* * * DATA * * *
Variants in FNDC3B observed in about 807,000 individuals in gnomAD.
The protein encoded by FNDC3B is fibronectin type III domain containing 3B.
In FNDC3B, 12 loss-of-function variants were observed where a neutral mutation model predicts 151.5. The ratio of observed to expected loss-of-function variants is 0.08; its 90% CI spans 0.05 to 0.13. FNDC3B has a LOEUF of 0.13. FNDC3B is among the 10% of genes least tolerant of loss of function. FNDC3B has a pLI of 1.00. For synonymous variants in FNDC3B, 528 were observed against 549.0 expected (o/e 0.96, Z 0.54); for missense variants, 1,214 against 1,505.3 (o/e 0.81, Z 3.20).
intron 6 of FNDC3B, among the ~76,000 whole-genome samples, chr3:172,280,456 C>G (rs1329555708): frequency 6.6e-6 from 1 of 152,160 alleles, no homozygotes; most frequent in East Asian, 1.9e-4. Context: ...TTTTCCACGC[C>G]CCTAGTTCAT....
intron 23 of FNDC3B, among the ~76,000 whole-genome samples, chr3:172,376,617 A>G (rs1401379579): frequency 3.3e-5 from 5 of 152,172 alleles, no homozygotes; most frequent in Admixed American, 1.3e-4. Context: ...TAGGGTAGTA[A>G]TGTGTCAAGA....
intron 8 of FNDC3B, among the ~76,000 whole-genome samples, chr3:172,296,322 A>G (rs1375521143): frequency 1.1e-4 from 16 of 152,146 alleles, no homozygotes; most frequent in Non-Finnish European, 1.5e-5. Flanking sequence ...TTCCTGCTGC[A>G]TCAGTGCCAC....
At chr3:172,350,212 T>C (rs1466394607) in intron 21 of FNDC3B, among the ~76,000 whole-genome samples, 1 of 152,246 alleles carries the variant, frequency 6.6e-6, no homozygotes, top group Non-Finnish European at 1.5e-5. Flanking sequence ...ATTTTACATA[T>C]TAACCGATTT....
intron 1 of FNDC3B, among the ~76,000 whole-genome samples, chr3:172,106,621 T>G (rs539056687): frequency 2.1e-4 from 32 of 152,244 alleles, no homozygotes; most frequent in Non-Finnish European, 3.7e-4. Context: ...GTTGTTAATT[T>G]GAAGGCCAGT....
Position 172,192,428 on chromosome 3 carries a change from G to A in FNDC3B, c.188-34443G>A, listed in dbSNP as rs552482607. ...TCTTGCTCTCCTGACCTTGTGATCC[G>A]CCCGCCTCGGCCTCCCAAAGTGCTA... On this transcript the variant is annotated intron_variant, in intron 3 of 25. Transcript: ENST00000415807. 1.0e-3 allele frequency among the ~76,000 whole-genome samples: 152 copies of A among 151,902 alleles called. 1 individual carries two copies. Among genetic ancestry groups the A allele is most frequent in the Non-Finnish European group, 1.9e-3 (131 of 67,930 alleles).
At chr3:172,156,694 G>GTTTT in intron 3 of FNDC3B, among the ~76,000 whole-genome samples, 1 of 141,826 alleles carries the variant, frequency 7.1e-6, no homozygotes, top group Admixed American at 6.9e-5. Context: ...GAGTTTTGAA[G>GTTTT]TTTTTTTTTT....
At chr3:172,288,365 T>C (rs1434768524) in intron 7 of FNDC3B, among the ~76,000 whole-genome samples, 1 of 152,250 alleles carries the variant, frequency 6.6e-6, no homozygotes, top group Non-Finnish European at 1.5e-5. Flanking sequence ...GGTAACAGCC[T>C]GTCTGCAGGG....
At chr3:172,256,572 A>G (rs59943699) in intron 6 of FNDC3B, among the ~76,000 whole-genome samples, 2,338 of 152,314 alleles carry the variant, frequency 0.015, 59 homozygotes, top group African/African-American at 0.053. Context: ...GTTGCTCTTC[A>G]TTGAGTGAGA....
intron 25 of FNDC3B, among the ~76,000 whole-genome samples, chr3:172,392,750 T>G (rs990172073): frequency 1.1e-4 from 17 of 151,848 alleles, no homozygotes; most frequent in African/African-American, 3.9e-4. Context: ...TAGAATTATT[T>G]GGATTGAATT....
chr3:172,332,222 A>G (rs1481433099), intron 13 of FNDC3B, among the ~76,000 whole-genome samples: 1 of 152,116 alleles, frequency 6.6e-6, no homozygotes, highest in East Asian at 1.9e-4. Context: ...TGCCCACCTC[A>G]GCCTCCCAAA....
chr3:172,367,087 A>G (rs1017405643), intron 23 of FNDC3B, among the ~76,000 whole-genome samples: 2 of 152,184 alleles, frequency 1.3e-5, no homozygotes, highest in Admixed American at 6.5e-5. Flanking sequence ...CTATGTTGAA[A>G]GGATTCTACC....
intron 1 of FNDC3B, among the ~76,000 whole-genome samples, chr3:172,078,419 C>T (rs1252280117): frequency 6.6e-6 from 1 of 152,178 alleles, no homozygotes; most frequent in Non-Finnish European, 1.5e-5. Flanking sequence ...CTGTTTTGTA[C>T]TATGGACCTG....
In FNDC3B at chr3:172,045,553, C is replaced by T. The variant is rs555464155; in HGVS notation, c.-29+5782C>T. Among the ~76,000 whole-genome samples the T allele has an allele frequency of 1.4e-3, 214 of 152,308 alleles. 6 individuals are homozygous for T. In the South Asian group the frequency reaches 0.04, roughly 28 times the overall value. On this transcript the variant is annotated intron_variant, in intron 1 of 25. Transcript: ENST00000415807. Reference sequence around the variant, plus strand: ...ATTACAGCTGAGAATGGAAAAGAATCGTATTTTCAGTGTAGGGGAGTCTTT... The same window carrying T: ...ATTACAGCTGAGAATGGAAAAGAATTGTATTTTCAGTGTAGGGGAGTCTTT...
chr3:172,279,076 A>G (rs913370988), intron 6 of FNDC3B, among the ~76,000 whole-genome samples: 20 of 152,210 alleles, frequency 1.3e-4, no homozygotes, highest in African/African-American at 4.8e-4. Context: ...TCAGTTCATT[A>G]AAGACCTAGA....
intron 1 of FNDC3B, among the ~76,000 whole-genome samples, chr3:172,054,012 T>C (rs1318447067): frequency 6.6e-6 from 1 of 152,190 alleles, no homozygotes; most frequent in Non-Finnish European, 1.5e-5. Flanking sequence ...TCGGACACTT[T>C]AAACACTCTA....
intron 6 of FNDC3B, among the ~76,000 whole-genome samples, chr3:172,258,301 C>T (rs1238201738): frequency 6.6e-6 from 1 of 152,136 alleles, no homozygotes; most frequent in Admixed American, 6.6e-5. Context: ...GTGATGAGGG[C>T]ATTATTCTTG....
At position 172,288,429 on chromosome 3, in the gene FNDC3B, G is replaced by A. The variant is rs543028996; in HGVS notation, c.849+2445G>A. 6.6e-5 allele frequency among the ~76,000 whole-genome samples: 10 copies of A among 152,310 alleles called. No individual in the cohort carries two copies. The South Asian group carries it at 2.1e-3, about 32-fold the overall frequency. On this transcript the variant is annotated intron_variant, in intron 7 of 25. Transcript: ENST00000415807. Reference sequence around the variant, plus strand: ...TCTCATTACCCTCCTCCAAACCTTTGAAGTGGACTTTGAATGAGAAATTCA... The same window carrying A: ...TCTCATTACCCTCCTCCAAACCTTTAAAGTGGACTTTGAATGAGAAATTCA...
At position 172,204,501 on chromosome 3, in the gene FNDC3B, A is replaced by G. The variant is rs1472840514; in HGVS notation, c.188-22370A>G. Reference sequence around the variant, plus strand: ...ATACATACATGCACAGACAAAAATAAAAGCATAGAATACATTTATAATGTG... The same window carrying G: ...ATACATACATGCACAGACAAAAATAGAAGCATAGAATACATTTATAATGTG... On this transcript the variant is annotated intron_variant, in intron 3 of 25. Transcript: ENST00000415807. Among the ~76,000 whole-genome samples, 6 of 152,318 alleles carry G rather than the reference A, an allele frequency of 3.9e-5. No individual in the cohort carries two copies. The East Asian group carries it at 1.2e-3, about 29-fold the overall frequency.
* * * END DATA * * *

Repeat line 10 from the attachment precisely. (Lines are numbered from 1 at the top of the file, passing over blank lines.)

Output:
At chr3:172,156,694 G>GTTTT in intron 3 of FNDC3B, among the ~76,000 whole-genome samples, 1 of 141,826 alleles carries the variant, frequency 7.1e-6, no homozygotes, top group Admixed American at 6.9e-5. Context: ...GAGTTTTGAA[G>GTTTT]TTTTTTTTTT....